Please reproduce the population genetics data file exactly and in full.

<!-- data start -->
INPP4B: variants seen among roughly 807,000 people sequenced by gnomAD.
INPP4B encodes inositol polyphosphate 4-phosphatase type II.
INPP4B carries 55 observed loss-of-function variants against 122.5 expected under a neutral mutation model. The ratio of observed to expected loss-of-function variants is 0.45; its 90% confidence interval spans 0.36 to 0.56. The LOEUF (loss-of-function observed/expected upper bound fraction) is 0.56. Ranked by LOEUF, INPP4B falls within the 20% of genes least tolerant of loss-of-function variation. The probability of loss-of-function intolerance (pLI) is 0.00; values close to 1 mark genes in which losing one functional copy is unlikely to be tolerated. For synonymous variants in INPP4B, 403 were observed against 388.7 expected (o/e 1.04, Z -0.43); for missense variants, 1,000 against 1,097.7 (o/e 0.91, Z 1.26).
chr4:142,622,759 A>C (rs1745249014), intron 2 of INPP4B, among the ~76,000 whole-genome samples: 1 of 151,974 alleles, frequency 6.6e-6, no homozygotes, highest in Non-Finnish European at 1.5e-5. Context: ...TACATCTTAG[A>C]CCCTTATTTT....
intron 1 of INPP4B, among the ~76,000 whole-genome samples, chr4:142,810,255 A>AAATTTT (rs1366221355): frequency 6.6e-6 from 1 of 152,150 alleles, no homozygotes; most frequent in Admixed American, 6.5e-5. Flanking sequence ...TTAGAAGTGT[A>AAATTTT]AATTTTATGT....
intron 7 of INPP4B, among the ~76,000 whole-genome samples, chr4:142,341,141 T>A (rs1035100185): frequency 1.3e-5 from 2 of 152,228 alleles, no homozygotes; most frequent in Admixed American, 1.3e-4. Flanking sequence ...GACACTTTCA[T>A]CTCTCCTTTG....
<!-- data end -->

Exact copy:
INPP4B: variants seen among roughly 807,000 people sequenced by gnomAD.
INPP4B encodes inositol polyphosphate 4-phosphatase type II.
INPP4B carries 55 observed loss-of-function variants against 122.5 expected under a neutral mutation model. The ratio of observed to expected loss-of-function variants is 0.45; its 90% confidence interval spans 0.36 to 0.56. The LOEUF (loss-of-function observed/expected upper bound fraction) is 0.56. Ranked by LOEUF, INPP4B falls within the 20% of genes least tolerant of loss-of-function variation. The probability of loss-of-function intolerance (pLI) is 0.00; values close to 1 mark genes in which losing one functional copy is unlikely to be tolerated. For synonymous variants in INPP4B, 403 were observed against 388.7 expected (o/e 1.04, Z -0.43); for missense variants, 1,000 against 1,097.7 (o/e 0.91, Z 1.26).
chr4:142,622,759 A>C (rs1745249014), intron 2 of INPP4B, among the ~76,000 whole-genome samples: 1 of 151,974 alleles, frequency 6.6e-6, no homozygotes, highest in Non-Finnish European at 1.5e-5. Context: ...TACATCTTAG[A>C]CCCTTATTTT....
intron 1 of INPP4B, among the ~76,000 whole-genome samples, chr4:142,810,255 A>AAATTTT (rs1366221355): frequency 6.6e-6 from 1 of 152,150 alleles, no homozygotes; most frequent in Admixed American, 6.5e-5. Flanking sequence ...TTAGAAGTGT[A>AAATTTT]AATTTTATGT....
intron 7 of INPP4B, among the ~76,000 whole-genome samples, chr4:142,341,141 T>A (rs1035100185): frequency 1.3e-5 from 2 of 152,228 alleles, no homozygotes; most frequent in Admixed American, 1.3e-4. Flanking sequence ...GACACTTTCA[T>A]CTCTCCTTTG....